This report demonstrates unequivocally that life in the Arctic is dependent on movement, and that sea ice is integral to this movement. The Inuit have been a nomadic people living in the Arctic since ancient times: their entire culture and identity is based on free movement on the land. Inuit rely on free movement in order to eat, to obtain supplies for traditional clothing and art, and generally to keep their rich cultural heritage alive. Inuit temporarily move out from settlements to harvest resources that are sometimes bartered or traded. This movement takes place on the sea ice that surrounds and connects Inuit communities.
A contribution to the Arctic Marine Shipping Assessment.
The Food Sovereignty and Self Governance Project is bringing Inuit together to lead their own work. The project was co-developed with the Inuvialuit Game Council and the Fisheries Joint Management Council (Inuvialuit Settlement Region) and the Eskimo Walrus Commission (Alaska), the Inuit Circumpolar Council Alaska (ICC Alaska) and Environmental Law Institute (ELI). Since the development of the project, the Kuskokwim River Intertribal Fish Commission (Alaska) joined the group. These project partners work together with an Advisory Committee comprised of Inuit Indigenous Knowledge holders from Alaska and the Inuvialuit Settlement Region to design and direct the project. The Project Partners and the Advisory Committee have worked together to develop the methodologies and outputs for this project and to lead the project activities. Together, these Inuit individuals and Inuit-lead organizations have taken ownership of this project and lead activities.
This project intends to examine the potential for Inuit, living in Alaska and the Inuvialuit Settlement Region (ISR) of Canada, to manage and co-manage important subsistence resources of the Arctic region, and to further identify the tools that Inuit communities need to sustain the overall integrity of their communities.
Sustainable harvest and wildlife issues continue to be an important part of ICC (Canada)’s efforts. Supporting the hunting, fishing, co-management and subsistence activities of Inuit is evident in virtually all activities of ICC. ICC (Canada) has continued to speak against the animal rights’ lobby and attempts to halt seal harvesting in eastern Canada and has delivered numerous addresses around the world in support of our positions. ICC (Canada) works with IUCN, the World Conservation Union, on animal rights matters and has been active in the International Whaling Commission. Further, ICC (Canada) is an observer in the North American Marine Mammal Commission.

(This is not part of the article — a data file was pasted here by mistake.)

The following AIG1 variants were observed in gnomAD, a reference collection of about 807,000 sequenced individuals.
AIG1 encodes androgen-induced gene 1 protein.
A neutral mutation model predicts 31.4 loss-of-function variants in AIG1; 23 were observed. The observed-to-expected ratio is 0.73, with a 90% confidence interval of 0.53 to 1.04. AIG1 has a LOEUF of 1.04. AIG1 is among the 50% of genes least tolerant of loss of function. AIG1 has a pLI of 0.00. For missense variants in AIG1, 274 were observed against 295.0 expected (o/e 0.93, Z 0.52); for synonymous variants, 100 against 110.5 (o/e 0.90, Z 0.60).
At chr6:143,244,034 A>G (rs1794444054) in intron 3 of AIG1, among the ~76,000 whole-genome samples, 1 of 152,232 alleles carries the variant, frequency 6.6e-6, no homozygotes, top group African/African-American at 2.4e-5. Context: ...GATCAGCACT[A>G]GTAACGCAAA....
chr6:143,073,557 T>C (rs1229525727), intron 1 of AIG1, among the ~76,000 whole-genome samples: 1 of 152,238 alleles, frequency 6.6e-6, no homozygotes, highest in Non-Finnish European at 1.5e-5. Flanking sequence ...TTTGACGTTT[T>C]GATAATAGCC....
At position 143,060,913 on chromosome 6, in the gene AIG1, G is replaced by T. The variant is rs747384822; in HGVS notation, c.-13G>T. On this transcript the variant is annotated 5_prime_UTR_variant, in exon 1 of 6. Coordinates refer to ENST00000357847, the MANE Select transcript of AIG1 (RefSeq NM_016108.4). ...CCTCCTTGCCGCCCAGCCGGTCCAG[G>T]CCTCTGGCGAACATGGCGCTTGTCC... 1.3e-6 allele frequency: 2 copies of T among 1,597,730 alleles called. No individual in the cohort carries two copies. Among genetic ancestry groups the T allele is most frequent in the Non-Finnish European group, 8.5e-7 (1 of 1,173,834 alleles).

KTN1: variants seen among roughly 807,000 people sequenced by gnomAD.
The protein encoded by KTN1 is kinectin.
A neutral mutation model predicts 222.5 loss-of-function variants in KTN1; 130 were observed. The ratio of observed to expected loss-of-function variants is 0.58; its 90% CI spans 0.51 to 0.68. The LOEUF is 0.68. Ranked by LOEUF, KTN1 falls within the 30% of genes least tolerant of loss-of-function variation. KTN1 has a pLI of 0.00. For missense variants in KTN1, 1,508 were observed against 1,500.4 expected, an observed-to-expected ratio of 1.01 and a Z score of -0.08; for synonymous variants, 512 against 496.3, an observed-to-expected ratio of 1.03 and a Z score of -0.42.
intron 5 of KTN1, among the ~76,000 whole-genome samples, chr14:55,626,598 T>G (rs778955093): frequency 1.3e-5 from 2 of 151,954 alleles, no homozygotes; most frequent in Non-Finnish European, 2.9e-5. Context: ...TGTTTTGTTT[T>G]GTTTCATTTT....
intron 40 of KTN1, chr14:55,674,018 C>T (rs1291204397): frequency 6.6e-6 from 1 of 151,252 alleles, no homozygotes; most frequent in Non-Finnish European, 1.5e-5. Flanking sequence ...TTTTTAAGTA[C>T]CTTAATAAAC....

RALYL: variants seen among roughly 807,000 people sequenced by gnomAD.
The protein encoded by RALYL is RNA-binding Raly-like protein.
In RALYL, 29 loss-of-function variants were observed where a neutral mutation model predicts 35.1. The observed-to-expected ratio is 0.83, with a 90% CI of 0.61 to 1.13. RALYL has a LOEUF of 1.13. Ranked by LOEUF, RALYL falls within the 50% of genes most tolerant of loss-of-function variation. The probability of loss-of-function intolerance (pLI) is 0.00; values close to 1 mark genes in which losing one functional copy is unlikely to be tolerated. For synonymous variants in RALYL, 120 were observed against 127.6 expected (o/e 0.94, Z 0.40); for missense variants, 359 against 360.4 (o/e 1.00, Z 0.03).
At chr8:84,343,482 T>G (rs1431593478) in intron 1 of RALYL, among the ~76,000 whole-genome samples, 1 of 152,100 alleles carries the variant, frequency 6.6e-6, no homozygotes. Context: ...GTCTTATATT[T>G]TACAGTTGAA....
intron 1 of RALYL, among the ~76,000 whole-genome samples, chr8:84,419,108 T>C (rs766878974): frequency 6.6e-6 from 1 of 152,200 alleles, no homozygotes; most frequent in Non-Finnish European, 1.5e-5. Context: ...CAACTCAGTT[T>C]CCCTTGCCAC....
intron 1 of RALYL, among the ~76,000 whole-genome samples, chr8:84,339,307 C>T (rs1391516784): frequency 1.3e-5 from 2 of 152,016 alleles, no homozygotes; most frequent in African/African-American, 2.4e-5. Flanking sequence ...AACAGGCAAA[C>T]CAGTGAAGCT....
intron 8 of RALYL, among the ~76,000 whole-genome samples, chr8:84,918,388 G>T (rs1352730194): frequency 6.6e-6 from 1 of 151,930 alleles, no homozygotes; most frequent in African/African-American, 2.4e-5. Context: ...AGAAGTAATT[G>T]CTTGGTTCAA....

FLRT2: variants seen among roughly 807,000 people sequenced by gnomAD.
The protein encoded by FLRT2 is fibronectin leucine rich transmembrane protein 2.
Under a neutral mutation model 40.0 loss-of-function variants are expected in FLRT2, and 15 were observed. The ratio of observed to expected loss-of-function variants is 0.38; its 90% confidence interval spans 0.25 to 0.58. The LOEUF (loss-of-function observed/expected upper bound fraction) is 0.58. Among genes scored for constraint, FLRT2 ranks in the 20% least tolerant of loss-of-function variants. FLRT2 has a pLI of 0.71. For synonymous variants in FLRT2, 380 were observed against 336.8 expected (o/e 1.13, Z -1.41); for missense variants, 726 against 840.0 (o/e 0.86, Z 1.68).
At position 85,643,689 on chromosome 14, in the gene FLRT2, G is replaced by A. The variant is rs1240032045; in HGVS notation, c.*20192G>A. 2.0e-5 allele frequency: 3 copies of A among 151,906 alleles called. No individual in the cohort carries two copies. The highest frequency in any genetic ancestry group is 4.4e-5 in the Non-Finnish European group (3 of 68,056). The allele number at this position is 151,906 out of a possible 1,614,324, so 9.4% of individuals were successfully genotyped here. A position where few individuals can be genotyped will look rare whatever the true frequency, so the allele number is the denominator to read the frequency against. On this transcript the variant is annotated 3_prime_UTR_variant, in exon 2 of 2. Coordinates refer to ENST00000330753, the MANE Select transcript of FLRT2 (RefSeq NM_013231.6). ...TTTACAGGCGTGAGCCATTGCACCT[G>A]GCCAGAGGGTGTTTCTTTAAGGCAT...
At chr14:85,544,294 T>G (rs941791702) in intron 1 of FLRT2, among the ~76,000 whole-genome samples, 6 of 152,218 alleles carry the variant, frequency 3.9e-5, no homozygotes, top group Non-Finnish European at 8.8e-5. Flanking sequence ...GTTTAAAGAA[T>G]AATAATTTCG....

Over the past year, ICC (Canada) had dialogue with the World Wide Fund for Nature (Arctic Programme) and undertook dialogue with various European states including the United Kingdom, Germany and France whose citizens sometime sympathize with animal welfare organizations on these matters. Our Russian project also provided for a strong co-management component to deal with these ongoing issues. While the Arctic Council and other key international mechanisms are reluctant to address sustainable harvest and wildlife issues of relevance to Inuit, ICC (Canada) continues to find other avenues in which to defend the rights of Inuit.
This report, Circumpolar Inuit Health Priorities: Best Health Practices and Research, documents and assesses a comprehensive range of best practice programs and relevant studies which have been implemented across the Arctic in the main health areas of mental health, service delivery, food security and chronic disease. Together, the material provides an important collection of information on the health practices and challenges which are impacting on the health and wellbeing of Inuit living in their Arctic homeland across four countries - Canada, Greenland, Alaska and Chukotka (Russia).
This report is the second part of ICC Canada’s overall effort to identify and document the range of health and wellness experiences, studies and practices that impact on Inuit directly and indirectly. The first part of this work was a review of the different health systems which Inuit access in the four different countries. That report, Health Systems serving Inuit communities across the Arctic, was completed in 2011. This second report completes the task of documenting the experiences.